One of the most common questions I was asked during my wife's pregnancy was which hospital we were going to have the baby in. When I replied that we were planning to have the baby at home, this invariably led to the is home birth safe question. I have to admit, it never crossed my own mind that home birth was anything but safe. Prior to ever meeting Robin, she had already had a successful home birth with our son. Neither he nor my wife had any complications. I'm kind of a stats guy, so I know one birth isn't a large enough sample size to prove anything, but I also knew she wasn't the only person giving birth at home.
I'm not a trained birth professional or a doctor, which makes me completely unqualified to make an assessment about the safety of birth. On the other hand, I have done a ton of reading, so I'll share the conclusions drawn by people who are experts in this area. Home birth is widely considered safe given the following factors:
- The mother and pregnancy are in the low risk category.
- The home birth is planned in advance.
- A trained birth attendant is present at the birth.
- And there is a medical facility within a reasonable distance of the home should complications arise.
Since you're reading this, the chances are you are planning your home birth at least a little in advance. If you haven't already tracked down a licensed midwife or other professional birth attendant, make that a priority. To give you an idea of what might be considered reasonable for distance to a hospital - it's approximately 45 minutes to the nearest hospital from my house and multiple sources suggested that we were close enough. That leaves pregnancy risk as the other factor.
What makes a pregnancy high risk?
A woman with a history of high blood pressure is typically considered high risk. A premature delivery is typically considered high risk, so even if you plan for a home birth, if the baby decides it's coming out prior to 36 weeks, a trip to the hospital will likely be necessary. Having previously had a C-section can also be considered a higher risk pregnancy, but there seems to be a great deal of debate about that particular issue.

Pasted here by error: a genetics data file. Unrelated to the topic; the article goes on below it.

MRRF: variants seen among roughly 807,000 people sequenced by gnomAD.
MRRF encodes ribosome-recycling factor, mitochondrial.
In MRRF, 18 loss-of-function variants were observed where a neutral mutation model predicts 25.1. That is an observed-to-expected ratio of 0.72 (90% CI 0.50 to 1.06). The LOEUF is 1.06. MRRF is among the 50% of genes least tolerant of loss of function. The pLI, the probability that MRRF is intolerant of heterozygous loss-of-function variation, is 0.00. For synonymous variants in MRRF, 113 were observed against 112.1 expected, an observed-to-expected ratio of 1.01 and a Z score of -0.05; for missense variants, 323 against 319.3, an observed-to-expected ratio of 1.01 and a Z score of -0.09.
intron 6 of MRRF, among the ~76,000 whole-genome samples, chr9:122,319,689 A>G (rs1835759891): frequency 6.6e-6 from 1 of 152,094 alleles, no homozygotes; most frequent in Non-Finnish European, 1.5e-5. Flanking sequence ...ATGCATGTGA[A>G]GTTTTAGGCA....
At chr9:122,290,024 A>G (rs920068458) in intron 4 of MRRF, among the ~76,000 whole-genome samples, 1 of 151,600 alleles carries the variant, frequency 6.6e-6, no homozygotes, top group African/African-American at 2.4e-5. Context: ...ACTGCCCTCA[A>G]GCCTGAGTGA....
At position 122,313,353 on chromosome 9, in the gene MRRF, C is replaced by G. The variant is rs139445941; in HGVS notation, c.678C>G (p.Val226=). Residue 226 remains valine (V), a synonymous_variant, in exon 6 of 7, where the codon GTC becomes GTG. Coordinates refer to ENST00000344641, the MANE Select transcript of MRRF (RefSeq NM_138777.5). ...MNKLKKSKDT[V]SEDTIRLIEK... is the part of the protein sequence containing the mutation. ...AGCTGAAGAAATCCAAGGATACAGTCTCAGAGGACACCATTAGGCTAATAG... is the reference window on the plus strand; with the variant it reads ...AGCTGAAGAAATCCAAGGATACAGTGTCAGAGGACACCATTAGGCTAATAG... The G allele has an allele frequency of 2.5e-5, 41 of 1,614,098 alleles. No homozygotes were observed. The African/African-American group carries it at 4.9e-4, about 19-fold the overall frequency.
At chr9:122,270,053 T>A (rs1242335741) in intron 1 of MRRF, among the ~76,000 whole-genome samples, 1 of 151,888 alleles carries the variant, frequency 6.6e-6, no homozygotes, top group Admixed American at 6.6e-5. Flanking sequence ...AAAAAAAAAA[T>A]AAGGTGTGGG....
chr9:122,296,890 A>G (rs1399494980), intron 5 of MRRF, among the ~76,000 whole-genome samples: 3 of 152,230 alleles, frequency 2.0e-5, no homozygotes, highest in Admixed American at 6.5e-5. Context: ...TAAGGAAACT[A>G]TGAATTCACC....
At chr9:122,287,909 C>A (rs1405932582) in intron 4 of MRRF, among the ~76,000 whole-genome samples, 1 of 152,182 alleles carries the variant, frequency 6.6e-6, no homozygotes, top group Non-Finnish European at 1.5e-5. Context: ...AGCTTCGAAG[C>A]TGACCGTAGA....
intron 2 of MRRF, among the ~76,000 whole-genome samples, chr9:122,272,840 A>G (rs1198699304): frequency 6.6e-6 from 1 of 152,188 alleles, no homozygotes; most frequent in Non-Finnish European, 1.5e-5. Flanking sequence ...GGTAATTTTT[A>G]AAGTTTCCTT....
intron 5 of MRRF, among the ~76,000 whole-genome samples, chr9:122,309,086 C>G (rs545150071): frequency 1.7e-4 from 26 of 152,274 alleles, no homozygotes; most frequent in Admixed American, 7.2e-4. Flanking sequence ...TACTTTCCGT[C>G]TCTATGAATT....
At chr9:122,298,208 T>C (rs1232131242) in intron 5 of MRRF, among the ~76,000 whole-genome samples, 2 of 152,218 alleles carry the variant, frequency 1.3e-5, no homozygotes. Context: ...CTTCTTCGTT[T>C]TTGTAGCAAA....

There can be other health factors that impact your wife's ability to have a home birth, but those will be specific to her own health risks or those determined via various prenatal screenings that are part of mother and baby care.
Anecdotally, our midwife did walk me through the scenario of what if the baby starts to come before she and her team get to the house. That discussion was the only time in the entire home birth planning process where I wondered what I might be getting myself into. I'm not sure if obstetricians give a similar talk to expectant fathers or not, but the details of that conversation are forever burned into my brain. Even now that I have one birth under my belt, there's no way I'd want to deliver a baby without trained professionals actively participating. There was no cause for alarm in our case as we notified the midwife very early in Robin's labor and there were many hours of waiting with everyone on hand. Still, I'm pretty sure I had a deer-in-the-headlights look about me as it was explained to me how to properly cradle the baby close to one of my wife's thighs as it made it's way out of the womb.